When a government is in the middle of its term, a full Union Budget is presented well before the beginning of the next financial year (April 1) to seek approvals for the coming year. But election years present a unique challenge because if a full budget is presented in February, there’s usually a limited window of time available to seek Parliamentary approvals and put these proposals into action, before the Parliament is dissolved.
This is typically the situation where the government presents only an Interim Budget or seeks a vote on account. A vote on account or interim budget is typically followed by a full budget by the next elected government, post-elections.
Breaking from tradition, the Finance Minister brought in an unprecedented series of direct tax changes in the Interim Budget 2019. These sweeping tax changes intend to benefit the middle class.
Primarily, it proposes to benefit the rural sector (addressing the agrarian crisis), middle class and the housing sector. The thrust on Digital India also continues through technology push. The Finance Minister has managed a fine balancing act to boost the demand and at the same time not deviate much from the path of fiscal consolidation; no significant compromise on the fiscal deficit front (10bps increase to 3.4% for FY18 and maintaining same at 3.4% for FY20).
A major bonanza has been proposed for the small taxpayers / middle class against the backdrop of effectiveness of key tax reforms introduced during the past few years.
The slew of tax benefits proposed is aimed at boosting the disposable income of the middle class, salaried class, pensioners and senior citizens. Individual taxpayers with taxable annual income upto Rs 5 lakh shall get a full tax rebate and therefore, will not be required to pay any income tax.
As a result, even people having gross income of upto Rs 6.50 lakh per annum may not be required to pay any income tax if they make investments in Equity Linked Savings Scheme (Tax Saving Mutual Funds that offer twin benefits -Tax savings and long term wealth creation), Provident Fund, and Insurance among other things.
For the salaried class, standard deduction has been raised to Rs 50,000 from Rs 40,000, exemption has been announced on levy of income tax on notional rent of a second self-occupied house, TDS threshold on Bank / Post office fixed deposits has been increased to Rs 40,000 from Rs 10,000. Amongst other proposals is giving impetus to the real estate sector particularly the affordable housing segment.
We expect these tax breaks to go a long way to incline Indians towards financial savings and investments for long term wealth creation. All these measures could also help boost consumption in the economy and benefit consumer-oriented sectors.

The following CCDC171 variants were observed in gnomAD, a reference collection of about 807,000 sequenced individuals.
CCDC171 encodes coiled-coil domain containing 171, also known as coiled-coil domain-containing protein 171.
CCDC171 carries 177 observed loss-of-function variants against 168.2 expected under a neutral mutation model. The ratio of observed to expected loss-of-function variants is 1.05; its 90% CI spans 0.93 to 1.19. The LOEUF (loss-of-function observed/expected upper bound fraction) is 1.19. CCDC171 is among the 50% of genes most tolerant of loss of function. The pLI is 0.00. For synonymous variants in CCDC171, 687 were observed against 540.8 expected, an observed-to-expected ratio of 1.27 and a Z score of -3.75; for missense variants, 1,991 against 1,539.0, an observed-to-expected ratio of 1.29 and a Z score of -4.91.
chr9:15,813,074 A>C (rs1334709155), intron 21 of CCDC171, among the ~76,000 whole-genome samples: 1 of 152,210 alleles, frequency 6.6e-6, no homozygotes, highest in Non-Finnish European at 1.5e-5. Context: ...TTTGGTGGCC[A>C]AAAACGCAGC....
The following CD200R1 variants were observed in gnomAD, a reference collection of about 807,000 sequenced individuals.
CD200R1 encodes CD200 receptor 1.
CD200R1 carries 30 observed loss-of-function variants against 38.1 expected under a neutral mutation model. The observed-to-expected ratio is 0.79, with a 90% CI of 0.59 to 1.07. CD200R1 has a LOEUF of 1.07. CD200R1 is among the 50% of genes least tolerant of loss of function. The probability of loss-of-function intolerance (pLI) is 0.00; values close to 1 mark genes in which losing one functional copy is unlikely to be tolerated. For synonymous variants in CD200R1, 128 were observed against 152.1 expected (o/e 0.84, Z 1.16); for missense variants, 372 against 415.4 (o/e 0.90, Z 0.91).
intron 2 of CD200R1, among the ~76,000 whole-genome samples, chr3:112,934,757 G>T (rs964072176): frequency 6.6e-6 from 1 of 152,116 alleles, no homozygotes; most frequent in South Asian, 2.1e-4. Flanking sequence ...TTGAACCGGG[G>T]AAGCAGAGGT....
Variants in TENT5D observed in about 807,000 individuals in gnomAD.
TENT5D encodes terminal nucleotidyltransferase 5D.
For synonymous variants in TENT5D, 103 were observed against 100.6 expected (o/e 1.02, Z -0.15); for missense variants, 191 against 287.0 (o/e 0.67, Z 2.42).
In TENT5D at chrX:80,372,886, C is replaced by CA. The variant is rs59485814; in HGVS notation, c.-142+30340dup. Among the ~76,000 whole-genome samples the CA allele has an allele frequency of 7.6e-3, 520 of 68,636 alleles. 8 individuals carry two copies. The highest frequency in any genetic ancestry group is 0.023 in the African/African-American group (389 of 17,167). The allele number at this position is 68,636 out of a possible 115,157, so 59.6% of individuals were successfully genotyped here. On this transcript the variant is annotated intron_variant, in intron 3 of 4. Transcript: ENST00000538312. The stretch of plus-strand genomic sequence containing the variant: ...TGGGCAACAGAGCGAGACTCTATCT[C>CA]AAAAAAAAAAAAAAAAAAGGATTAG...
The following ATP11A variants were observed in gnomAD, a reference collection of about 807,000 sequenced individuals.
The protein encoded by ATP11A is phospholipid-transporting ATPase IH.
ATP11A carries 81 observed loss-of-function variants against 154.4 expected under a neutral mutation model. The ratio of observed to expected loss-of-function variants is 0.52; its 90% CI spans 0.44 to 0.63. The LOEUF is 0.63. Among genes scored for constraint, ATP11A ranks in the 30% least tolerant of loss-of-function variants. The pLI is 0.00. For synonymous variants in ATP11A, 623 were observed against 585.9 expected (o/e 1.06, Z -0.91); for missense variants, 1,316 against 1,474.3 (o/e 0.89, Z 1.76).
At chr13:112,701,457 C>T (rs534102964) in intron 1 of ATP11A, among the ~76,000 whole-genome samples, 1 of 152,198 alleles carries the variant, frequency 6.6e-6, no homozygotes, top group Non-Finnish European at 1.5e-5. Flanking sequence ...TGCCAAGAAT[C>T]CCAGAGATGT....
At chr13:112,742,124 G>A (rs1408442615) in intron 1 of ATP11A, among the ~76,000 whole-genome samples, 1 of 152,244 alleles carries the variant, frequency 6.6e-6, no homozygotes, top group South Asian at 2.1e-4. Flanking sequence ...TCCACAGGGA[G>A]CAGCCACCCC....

We believe the equity markets are likely to be volatile in near to medium term. Historically in India election years have witnessed higher equity market volatility as seen in 2004, 2009 and 2014 years. Hence, a prudent investment strategy shall entail investing systematically and accumulating equities gradually.
In a market cycle, it is seen that an accumulation phase precedes a bull phase. Investors in past who have invested in accumulation phase tend to benefit through outsized gains in the next phase. For example, during 2010 to 2013, stock markets were largely range-bound and even meandered lower. But, for those investors who patiently stayed invested, the best returns came in the years 2014-17 when stock markets entered a bull phase.
We have been very watchful of the US Fed’s stance on interest rates and we believe that the most recent strikingly dovish stance is a clear positive for equities. We believe that a meaningful rally in Indian equities is likely only when the US Fed finally concludes its tightening cycle and such a signal will also indicate the end of the accumulation phase.
We recommend investors to continue with their systematic investing into equity assets such as small-caps, mid-caps and value funds. Lump sum investments can be made in balanced advantage funds and equity savings funds. In terms of themes, we are positive on special situation opportunities investing.
In debt, we are positive on low duration funds (investing in instruments with maturity in the range of 1-3 years) which can mitigate interest rate volatility and accrual schemes which can capture the current elevated yields, credit risk funds and dynamic duration schemes which can benefit from volatility.